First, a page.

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using scripts within an action

Participant ,
May 10, 2020

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hi guys

ive compiled a set of actions to batch process some of my artworks, however one of the steps in doing so is by using a script. In the actions panel I am able to load the script via the action's "insert menu" option, however the script itself has a popup to input some variables. Since I'm working with practically the same variables on all the artworks, is it possible to include such script without having to wait for my input? cause doing so will nullify the scope of all this.

 

Thanks in advance

Lee

 

 

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using scripts within an action

Participant ,
May 10, 2020

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hi guys

ive compiled a set of actions to batch process some of my artworks, however one of the steps in doing so is by using a script. In the actions panel I am able to load the script via the action's "insert menu" option, however the script itself has a popup to input some variables. Since I'm working with practically the same variables on all the artworks, is it possible to include such script without having to wait for my input? cause doing so will nullify the scope of all this.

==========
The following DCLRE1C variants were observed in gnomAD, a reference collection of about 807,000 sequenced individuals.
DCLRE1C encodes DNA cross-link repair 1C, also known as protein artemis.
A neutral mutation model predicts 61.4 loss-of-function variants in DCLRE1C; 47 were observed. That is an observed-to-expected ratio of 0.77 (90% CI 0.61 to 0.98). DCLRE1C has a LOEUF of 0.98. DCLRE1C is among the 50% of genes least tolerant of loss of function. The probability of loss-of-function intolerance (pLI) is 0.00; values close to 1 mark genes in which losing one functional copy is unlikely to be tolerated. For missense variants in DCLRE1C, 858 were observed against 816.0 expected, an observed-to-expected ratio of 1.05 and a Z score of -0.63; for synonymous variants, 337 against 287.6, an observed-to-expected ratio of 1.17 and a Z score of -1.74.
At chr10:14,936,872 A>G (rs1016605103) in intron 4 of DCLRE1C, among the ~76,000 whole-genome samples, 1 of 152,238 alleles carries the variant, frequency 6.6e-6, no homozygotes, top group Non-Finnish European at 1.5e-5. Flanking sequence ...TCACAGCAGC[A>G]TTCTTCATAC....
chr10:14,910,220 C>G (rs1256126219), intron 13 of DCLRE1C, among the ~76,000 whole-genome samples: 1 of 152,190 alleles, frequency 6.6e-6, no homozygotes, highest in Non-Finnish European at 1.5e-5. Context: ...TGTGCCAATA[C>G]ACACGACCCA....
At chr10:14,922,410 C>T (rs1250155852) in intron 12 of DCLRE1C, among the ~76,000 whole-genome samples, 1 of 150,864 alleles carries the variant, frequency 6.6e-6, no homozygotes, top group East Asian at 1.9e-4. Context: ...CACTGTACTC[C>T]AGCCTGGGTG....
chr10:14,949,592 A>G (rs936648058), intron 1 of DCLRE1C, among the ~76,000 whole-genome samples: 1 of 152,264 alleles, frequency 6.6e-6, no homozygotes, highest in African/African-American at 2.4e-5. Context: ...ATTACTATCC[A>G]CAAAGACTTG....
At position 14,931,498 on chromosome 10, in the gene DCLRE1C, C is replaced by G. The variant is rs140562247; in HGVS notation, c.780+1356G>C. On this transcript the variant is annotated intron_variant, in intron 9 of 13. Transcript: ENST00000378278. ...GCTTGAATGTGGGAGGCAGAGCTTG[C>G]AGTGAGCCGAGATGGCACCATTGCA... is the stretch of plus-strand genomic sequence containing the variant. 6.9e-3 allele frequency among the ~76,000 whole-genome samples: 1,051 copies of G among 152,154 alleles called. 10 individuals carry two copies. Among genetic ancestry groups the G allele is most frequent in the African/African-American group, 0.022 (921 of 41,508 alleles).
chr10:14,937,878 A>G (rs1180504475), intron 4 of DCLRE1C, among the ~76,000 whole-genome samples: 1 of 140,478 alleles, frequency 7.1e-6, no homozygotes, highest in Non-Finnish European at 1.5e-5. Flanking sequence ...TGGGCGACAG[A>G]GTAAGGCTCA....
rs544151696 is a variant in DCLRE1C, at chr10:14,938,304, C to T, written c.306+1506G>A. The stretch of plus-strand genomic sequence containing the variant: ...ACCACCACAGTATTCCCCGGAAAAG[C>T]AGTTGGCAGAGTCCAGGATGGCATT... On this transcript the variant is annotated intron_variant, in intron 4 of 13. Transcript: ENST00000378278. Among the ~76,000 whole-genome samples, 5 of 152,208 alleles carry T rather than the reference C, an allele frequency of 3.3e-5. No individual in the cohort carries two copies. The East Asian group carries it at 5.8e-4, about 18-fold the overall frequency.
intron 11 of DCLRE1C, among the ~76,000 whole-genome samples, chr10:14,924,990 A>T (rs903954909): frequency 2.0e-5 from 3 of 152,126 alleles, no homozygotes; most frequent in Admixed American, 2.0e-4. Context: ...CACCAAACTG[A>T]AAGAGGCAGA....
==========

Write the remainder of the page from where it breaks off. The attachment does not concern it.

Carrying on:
Thanks in advance

Lee

 

 

Topics

How to, Scripting, Third party plugins, Tools

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1.3K

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Contributor ,
May 10, 2020

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Hi Lee, it isn't usually hard to change the part of the script that asks for user input and hard code the variables. Perhaps you could post the script? I'd be happy to have a look at it.

 

If you want to have a go in the meantime, try changing a line like this:

var num = prompt('Enter the number:','0');

to this:

var num = 42;

Regards,

Mark

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Participant ,
May 10, 2020

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thanks for the input, unfortunately the scripts are all done for the company i work with so I can't really share them (hope they dont see this post since automating my workflow might be interpreted as slacking for some rather than working more efficient)

 

Anyways i'll try searching for the variable string and see whats possible to change but its not one of those straight forwarding scripts since there are combination of variables to choose from in the popups.